Reasons for plastic bag tax are obvious
I refer to the letter by Alex Chu on the plastic bag tax ('Retailers' group right to oppose ill-conceived plastic bag levy', December 25).
He says the affected retailers dispense with a mere 770 million bags per year, which sounds like a lot of bags to me. However the true figure could be a lot higher as this figure comes from an interested party, the Retail Management Association.
Mr Chu and others have previously questioned figures given by the Environmental Protection Department (EPD), but what proof has been provided to back up the association's statement?
Once again Mr Chu states that 'plastic shopping bags are finally used by most people as rubbish bags'. This is not the conclusion reached by many citizens who can see daily examples of mass dumping of such bags. Check out any street-side rubbish bin for starters.
Currently socially conscious shoppers using their own bags are forced to underwrite the cost of the bags doled out so liberally.
At Watsons, heavy and expensive bags with plastic handles appear to be de rigueur.
In these hard economic times, when every dollar counts, we must be spared of this overhead which is included in the calculation of retail prices.
In order to reduce the number of bags wasted and to provide a level playing field a transparent user-pay principle is essential. The Retail Management Association has shown no incentive in getting its members to pass on the true cost of the bags they are taking nor has it facilitated any voluntary system.
We all remember the undue haste with which ParknShop backtracked on its 20 cent bag charge in 2007 even though the criticism levied was focused not on the green measure but on the lack of transparency as to what the revenue would be used for.
It has therefore been left to the government to take the necessary steps. Its choice is to impose a 50 cent charge per bag. In the absence of any other concrete proposal and in view of the necessity to introduce the measure as soon as possible then, as they say, the show must go on.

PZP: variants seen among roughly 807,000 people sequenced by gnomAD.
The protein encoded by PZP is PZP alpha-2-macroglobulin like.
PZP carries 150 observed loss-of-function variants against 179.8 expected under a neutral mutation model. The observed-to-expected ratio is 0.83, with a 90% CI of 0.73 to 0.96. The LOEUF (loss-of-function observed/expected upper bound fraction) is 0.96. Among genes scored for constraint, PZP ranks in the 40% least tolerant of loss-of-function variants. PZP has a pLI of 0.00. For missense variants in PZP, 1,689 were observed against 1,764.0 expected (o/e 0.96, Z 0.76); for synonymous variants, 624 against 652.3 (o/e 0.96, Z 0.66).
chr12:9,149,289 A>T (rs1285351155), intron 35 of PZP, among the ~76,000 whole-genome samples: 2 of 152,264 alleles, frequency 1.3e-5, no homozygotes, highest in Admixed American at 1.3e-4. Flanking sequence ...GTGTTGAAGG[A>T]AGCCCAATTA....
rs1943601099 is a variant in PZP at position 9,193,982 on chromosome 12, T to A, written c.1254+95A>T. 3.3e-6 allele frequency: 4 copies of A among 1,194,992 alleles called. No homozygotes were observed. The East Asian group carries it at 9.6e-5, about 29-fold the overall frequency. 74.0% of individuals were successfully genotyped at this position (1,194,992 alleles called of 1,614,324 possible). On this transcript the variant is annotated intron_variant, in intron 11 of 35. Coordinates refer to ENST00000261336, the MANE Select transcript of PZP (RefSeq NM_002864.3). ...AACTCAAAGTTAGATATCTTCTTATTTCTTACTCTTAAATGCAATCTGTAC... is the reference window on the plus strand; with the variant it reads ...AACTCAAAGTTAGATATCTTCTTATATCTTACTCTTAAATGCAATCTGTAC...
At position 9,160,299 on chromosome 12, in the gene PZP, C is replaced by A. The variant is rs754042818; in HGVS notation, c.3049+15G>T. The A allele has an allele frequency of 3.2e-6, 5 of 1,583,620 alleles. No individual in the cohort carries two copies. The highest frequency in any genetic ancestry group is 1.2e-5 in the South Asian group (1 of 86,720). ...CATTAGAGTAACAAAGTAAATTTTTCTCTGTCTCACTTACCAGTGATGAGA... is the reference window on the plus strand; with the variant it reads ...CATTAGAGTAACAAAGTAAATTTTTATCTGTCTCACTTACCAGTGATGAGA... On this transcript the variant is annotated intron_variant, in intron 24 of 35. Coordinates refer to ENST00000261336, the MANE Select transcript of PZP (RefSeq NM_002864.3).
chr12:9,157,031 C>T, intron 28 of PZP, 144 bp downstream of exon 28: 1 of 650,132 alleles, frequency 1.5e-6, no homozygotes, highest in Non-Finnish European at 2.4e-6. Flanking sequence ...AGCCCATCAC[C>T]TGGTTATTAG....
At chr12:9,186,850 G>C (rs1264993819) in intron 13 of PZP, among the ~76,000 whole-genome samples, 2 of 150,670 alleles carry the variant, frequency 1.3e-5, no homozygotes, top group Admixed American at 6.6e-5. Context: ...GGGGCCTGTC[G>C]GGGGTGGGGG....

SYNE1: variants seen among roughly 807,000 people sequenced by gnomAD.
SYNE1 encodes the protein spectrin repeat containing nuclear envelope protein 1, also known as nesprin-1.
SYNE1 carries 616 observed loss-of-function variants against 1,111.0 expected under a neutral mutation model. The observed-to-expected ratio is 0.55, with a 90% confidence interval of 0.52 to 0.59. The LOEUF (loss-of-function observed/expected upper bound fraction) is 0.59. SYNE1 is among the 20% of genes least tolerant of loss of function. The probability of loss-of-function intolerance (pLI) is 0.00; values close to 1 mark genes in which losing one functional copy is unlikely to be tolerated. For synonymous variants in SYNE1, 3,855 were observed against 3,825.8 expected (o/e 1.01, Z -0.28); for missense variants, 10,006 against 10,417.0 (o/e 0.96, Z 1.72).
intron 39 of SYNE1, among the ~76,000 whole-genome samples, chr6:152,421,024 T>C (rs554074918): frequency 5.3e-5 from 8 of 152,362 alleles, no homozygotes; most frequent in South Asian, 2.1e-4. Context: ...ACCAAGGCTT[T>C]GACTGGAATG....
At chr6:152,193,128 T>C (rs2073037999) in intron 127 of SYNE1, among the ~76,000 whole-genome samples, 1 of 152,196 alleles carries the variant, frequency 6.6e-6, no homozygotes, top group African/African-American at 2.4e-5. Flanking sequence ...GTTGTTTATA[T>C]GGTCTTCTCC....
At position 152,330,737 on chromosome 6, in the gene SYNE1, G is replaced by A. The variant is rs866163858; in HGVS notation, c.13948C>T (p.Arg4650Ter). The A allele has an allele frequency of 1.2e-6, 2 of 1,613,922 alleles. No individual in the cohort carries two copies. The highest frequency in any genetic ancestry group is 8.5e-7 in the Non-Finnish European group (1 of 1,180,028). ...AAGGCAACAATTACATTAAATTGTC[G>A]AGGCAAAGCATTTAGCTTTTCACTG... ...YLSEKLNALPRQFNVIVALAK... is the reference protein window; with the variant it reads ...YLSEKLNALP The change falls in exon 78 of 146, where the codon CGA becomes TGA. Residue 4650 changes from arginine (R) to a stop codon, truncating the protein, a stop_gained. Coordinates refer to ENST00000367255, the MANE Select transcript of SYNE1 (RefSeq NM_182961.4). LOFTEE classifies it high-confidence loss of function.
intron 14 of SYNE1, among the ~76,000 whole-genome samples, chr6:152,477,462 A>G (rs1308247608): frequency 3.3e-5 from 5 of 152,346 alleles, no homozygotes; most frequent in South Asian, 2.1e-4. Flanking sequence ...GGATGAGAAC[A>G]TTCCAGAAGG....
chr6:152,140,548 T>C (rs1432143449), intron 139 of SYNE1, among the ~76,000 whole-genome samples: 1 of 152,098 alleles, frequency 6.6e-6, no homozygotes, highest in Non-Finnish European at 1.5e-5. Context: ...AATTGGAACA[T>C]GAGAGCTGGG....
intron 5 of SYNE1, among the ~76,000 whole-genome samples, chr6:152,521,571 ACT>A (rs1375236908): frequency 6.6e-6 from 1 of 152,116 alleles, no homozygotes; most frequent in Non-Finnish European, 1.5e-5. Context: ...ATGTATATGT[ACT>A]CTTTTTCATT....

Martin Brinkley, Ma Wan
HK will benefit from visa rule
The decision to liberalise Hong Kong visa requirements for Shenzhen residents who do not yet possess a Shenzhen residency permit is a sensible, progressive move.
The vast majority of Shenzhen residents do not yet hold Shenzhen residency, as a result of a very conservative bureaucracy that is reluctant to give city [residency permits] to people born in the countryside.
Many of these are well- educated professionals, the cream of China's rural society, who have worked hard to achieve success in a new city far from home.
The restrictions upon their entry to Hong Kong in the past have meant that visiting suppliers or customers in the SAR was difficult, to the detriment of Hong Kong's trade in goods and services. While perceived risks of increased entry of prostitutes may be intimidating for Jacquelyn Yu ('New visa rule has side effect', December 31), a basic principle of fairness should be that law-abiding visitors should not be penalised for the misdeeds of a few.
Simon Appleby, Sai Kung
Light bulbs pose health risks
I refer to the letter by Michael R. K. Mudd ('We must opt for energy saving light bulbs', December 27). I would like to raise a number of points about these energy saving light bulbs that was not mentioned.
Though they consume less electricity, they pose health and environmental risks.